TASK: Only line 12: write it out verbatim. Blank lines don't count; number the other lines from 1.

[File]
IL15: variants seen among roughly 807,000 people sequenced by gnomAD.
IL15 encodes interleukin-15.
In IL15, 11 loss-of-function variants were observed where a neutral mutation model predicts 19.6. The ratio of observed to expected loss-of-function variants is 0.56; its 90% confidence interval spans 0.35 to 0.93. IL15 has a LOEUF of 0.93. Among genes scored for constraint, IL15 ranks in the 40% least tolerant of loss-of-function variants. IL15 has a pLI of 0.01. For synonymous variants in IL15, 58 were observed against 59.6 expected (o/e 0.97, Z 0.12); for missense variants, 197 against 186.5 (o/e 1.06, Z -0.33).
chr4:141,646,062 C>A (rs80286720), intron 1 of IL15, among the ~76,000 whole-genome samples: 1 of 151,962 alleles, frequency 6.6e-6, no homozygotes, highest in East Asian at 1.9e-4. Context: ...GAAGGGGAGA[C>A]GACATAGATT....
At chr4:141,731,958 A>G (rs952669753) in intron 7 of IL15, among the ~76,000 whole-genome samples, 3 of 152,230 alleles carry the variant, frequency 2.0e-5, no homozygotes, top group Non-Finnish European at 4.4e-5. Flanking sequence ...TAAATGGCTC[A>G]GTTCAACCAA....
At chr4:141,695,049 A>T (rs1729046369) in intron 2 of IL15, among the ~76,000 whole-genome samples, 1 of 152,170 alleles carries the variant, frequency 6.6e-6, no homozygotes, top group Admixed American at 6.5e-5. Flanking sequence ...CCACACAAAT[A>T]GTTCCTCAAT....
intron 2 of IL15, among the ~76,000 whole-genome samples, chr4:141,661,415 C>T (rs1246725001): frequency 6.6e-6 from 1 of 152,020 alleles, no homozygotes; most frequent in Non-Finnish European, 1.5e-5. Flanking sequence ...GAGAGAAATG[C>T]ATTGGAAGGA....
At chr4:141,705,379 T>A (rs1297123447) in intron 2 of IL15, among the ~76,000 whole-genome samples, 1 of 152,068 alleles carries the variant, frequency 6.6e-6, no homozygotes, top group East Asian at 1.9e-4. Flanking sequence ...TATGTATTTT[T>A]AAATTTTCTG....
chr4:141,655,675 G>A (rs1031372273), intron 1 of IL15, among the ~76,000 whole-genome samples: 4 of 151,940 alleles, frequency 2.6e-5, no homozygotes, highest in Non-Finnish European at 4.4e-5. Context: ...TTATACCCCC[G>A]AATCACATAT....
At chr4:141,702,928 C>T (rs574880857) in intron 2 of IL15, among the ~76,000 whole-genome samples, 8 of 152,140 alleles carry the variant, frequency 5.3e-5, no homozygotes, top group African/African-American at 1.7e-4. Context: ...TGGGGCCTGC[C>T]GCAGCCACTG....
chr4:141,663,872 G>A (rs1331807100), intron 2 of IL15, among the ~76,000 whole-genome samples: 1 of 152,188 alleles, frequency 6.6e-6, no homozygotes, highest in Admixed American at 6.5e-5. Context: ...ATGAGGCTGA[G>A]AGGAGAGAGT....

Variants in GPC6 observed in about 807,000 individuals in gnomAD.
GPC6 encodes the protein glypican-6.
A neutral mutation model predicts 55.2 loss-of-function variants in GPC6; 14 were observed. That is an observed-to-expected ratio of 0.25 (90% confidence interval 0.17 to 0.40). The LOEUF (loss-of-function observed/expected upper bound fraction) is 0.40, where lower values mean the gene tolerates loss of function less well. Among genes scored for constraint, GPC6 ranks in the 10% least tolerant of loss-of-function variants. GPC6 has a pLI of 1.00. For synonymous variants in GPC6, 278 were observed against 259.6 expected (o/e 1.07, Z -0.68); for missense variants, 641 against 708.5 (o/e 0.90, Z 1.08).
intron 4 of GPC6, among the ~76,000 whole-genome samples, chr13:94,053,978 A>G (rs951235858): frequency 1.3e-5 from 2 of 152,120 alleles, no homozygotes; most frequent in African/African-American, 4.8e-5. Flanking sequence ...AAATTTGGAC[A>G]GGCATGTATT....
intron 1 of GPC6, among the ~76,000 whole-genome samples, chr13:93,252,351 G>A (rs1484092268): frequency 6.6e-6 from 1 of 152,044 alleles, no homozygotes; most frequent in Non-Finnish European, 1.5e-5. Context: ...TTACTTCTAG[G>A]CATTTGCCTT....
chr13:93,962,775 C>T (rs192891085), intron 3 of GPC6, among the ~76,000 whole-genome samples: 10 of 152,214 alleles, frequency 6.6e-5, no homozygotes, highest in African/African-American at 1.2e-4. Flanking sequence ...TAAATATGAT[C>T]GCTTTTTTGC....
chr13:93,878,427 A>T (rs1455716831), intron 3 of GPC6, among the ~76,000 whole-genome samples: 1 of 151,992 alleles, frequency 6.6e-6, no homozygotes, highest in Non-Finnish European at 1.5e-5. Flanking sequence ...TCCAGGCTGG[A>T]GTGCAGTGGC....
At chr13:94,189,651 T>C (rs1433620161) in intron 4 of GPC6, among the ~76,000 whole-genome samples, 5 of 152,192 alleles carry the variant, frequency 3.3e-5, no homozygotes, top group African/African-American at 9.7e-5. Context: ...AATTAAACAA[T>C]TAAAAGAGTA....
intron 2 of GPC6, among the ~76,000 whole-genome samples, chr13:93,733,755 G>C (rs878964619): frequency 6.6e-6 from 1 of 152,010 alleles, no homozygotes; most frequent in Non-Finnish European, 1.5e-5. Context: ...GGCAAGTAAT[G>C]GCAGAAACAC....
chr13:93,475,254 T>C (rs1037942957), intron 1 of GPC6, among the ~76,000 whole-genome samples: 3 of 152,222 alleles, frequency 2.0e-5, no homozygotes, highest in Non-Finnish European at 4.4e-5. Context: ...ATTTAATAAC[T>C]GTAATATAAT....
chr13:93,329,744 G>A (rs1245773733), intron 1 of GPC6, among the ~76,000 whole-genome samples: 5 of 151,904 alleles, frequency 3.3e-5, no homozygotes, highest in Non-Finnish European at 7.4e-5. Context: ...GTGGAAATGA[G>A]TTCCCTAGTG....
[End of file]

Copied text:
Variants in GPC6 observed in about 807,000 individuals in gnomAD.